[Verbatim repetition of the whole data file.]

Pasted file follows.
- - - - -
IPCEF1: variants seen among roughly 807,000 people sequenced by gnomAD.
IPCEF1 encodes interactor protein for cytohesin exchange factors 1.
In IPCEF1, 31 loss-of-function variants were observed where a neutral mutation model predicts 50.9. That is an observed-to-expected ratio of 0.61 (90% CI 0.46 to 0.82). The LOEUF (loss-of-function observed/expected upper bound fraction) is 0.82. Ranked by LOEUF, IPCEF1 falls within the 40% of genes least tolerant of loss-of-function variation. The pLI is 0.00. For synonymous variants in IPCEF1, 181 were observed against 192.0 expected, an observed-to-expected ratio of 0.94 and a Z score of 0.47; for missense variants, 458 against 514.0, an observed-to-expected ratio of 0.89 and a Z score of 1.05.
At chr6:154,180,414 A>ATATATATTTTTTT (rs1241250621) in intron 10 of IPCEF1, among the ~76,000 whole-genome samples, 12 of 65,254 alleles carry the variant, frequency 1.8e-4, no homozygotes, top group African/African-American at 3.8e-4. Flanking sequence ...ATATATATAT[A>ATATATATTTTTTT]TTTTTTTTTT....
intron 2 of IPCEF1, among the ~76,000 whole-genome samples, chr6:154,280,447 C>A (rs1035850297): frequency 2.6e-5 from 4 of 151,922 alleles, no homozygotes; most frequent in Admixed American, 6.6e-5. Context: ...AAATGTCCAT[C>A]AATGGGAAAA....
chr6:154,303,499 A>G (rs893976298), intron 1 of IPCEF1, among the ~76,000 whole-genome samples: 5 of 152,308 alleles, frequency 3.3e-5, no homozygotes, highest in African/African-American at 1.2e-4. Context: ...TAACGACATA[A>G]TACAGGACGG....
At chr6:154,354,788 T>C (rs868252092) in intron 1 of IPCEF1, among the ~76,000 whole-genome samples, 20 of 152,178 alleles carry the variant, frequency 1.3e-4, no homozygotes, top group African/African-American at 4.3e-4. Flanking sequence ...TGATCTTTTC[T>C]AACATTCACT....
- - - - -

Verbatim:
IPCEF1: variants seen among roughly 807,000 people sequenced by gnomAD.
IPCEF1 encodes interactor protein for cytohesin exchange factors 1.
In IPCEF1, 31 loss-of-function variants were observed where a neutral mutation model predicts 50.9. That is an observed-to-expected ratio of 0.61 (90% CI 0.46 to 0.82). The LOEUF (loss-of-function observed/expected upper bound fraction) is 0.82. Ranked by LOEUF, IPCEF1 falls within the 40% of genes least tolerant of loss-of-function variation. The pLI is 0.00. For synonymous variants in IPCEF1, 181 were observed against 192.0 expected, an observed-to-expected ratio of 0.94 and a Z score of 0.47; for missense variants, 458 against 514.0, an observed-to-expected ratio of 0.89 and a Z score of 1.05.
At chr6:154,180,414 A>ATATATATTTTTTT (rs1241250621) in intron 10 of IPCEF1, among the ~76,000 whole-genome samples, 12 of 65,254 alleles carry the variant, frequency 1.8e-4, no homozygotes, top group African/African-American at 3.8e-4. Flanking sequence ...ATATATATAT[A>ATATATATTTTTTT]TTTTTTTTTT....
intron 2 of IPCEF1, among the ~76,000 whole-genome samples, chr6:154,280,447 C>A (rs1035850297): frequency 2.6e-5 from 4 of 151,922 alleles, no homozygotes; most frequent in Admixed American, 6.6e-5. Context: ...AAATGTCCAT[C>A]AATGGGAAAA....
chr6:154,303,499 A>G (rs893976298), intron 1 of IPCEF1, among the ~76,000 whole-genome samples: 5 of 152,308 alleles, frequency 3.3e-5, no homozygotes, highest in African/African-American at 1.2e-4. Context: ...TAACGACATA[A>G]TACAGGACGG....
At chr6:154,354,788 T>C (rs868252092) in intron 1 of IPCEF1, among the ~76,000 whole-genome samples, 20 of 152,178 alleles carry the variant, frequency 1.3e-4, no homozygotes, top group African/African-American at 4.3e-4. Flanking sequence ...TGATCTTTTC[T>C]AACATTCACT....